Brought to you by the Hexagon Suite
...RULES TO LIVE BY
1. Real operators don't call themselves "SysOp" and don't have
Ever seen operators with handles such as "THE MASTER" or
"TECHRAT" or some such other nonsense? Have a little
dignity. And "SYSOP" is such a meaningless handle.
This goes for users in general as well. If you're going
to be using a handle for the rest of your lifetime in the
modem world, why not pick an appropriate and interesting one?
2. Real operators know how to spell, and have a moderate grasp
of English grammar.
How many systems have you called on which the operator
couldn't spell to save his life? If you're heading an
organization designed for the distribution of free
information (presumably that's why most people run a system
in the first place), shouldn't you have enough of a grasp of
the English language to get your point across at all?
3. Real operators can type faster than 20 words per minute.
Every get into chat with a system operator only to find
out he types slower than your grandmother? It's a rather
worrying experience. This doesn't mean that an operator
should be able to type 120 words per minute with 100%
accuracy; merely that he should be able to get his point
across in a minimal amount of time. After all, if you're
going to be communicating with all your users via this medium
-- the typewriter -- you'd better be able to type.
4. Real operators don't pick silly names for their system.
How many systems have you seen around the country called
"THE TAVERN" or "FORTRESS"? Again, if you're going to go
through the trouble of putting up a system, why not give it
an interesting title? Different titles always attract more
users than the same old same mold.
5. Real operators write their own system software.
Most users are tired of calling systems with the same old
software used by a hundred others -- Wildcat, QuickBBS, and
the like grow old very quickly. In addition, that
"UNREGISTERED EVALUATION VERSION" message at each log on
tends to get on the nerves as well. If you're going to put
up a system, why not do the original authors of it the
courtesy of _registering_ their system software package?
If you don't have the expertise necessary to write your
own system, perhaps you shouldn't be running one at all.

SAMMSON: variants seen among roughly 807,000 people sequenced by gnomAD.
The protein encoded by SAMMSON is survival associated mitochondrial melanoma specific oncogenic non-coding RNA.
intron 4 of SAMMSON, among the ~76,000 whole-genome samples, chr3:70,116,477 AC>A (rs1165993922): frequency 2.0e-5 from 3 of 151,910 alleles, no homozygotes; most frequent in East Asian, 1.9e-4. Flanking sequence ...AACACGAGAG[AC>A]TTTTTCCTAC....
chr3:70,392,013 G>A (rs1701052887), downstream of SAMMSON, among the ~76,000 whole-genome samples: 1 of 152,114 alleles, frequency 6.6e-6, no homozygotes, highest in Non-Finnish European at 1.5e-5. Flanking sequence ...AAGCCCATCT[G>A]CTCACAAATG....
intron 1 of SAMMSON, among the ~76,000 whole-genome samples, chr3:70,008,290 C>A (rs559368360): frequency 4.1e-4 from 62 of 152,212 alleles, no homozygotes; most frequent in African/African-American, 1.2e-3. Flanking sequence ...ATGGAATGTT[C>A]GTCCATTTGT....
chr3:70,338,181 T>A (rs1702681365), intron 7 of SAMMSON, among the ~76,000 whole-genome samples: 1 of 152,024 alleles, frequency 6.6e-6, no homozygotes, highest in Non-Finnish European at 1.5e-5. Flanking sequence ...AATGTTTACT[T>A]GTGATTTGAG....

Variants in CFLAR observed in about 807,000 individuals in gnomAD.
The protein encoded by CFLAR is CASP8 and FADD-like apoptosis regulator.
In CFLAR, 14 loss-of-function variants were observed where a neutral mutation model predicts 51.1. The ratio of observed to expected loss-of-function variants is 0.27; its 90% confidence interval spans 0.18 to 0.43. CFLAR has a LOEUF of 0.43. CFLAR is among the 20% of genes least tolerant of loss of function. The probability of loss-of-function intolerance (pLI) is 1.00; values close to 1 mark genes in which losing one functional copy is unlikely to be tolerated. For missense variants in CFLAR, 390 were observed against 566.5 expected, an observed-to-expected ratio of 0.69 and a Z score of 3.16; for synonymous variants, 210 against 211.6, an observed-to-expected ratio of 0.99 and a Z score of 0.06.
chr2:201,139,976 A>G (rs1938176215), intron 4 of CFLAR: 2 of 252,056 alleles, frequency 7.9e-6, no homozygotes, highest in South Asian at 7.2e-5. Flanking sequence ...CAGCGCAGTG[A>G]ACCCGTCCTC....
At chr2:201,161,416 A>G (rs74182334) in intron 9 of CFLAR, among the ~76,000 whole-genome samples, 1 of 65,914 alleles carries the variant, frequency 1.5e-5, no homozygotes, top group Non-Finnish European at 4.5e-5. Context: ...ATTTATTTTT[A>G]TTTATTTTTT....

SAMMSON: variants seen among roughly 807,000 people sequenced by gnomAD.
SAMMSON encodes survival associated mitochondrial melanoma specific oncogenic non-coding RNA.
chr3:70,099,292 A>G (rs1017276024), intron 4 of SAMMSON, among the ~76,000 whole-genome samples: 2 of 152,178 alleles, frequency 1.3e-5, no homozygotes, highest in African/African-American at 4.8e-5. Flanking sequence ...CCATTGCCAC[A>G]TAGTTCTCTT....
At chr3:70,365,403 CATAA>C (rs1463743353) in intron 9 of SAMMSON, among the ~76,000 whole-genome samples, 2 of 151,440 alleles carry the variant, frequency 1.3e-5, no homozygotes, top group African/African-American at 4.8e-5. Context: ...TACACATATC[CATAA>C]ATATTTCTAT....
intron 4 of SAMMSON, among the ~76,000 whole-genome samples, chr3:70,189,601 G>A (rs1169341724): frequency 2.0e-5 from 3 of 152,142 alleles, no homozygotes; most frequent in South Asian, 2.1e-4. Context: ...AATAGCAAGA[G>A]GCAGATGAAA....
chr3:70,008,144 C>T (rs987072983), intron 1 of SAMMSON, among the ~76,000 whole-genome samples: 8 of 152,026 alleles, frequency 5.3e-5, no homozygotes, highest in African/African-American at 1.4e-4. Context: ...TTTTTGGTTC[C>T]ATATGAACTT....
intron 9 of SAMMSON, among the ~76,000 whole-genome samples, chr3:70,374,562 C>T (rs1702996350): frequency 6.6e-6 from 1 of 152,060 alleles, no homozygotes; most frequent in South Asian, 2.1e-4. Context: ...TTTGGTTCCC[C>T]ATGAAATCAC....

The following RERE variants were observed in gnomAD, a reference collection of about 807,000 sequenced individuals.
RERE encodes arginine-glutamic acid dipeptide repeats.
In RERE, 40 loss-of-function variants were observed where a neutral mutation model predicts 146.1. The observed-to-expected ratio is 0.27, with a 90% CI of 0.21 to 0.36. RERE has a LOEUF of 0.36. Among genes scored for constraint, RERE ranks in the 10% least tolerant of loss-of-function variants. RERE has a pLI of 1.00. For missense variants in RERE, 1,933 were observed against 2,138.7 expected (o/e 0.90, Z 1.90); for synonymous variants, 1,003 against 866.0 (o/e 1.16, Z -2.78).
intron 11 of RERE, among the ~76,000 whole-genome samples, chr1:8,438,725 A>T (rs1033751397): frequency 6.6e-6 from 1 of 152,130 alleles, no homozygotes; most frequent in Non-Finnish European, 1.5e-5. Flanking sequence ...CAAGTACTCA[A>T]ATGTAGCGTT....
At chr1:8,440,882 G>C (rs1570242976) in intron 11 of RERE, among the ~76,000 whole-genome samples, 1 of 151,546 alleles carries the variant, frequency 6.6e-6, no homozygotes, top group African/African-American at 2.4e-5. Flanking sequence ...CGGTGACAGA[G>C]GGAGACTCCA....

Good systems are characterized by the computer literacy of
6. Real operators run their systems 24 hours a day.
Ever seen "Call this BBS -- from 9pm to 6am. It's run on
my own private line..."? Why bother putting up a system if
it's only going to be up on a partial time schedule? All
this does is complicate things for both the user and the
operator. The user is never sure of when are the exact times
allowed to call the system, and because of this, the operator
gets calls from modems all the time. In addition, many BBS
lists don't have a field for hours up, so new users getting
the BBS number from there may not even _know_ that it's not
24 hours. And I'm almost embarrassed to say I've called a
system that had call-waiting on the phone line! Users would
kick each other off trying to get on.
7. Real operators don't call other systems on their own system
It's a little ridiculous to tie up the system that you've
put all your time and effort (and perhaps money) to set up
just to get onto a few other systems. For God's sake, get
another phone line!
8. Real operators have a separate, distinct phone line for their
This follows a few of the other guidelines above. If
you're going to invest in system software, you might as well
go the extra length and get a separate phone line for it.
9. Real operators run their system off a hard drive of
How many systems have you called and been shocked to find
out that they're running off of two floppy disks? Be
serious. You can't have any system worth calling on only a
meg or so.
10. When real operators call other systems, they don't advertise
their system at the end of their every post.
It's annoying to see "CALL MY BBS -- 408-555-1212" at the
end of someone's post every single time. If anything, this
would probably make other users _not_ want to call your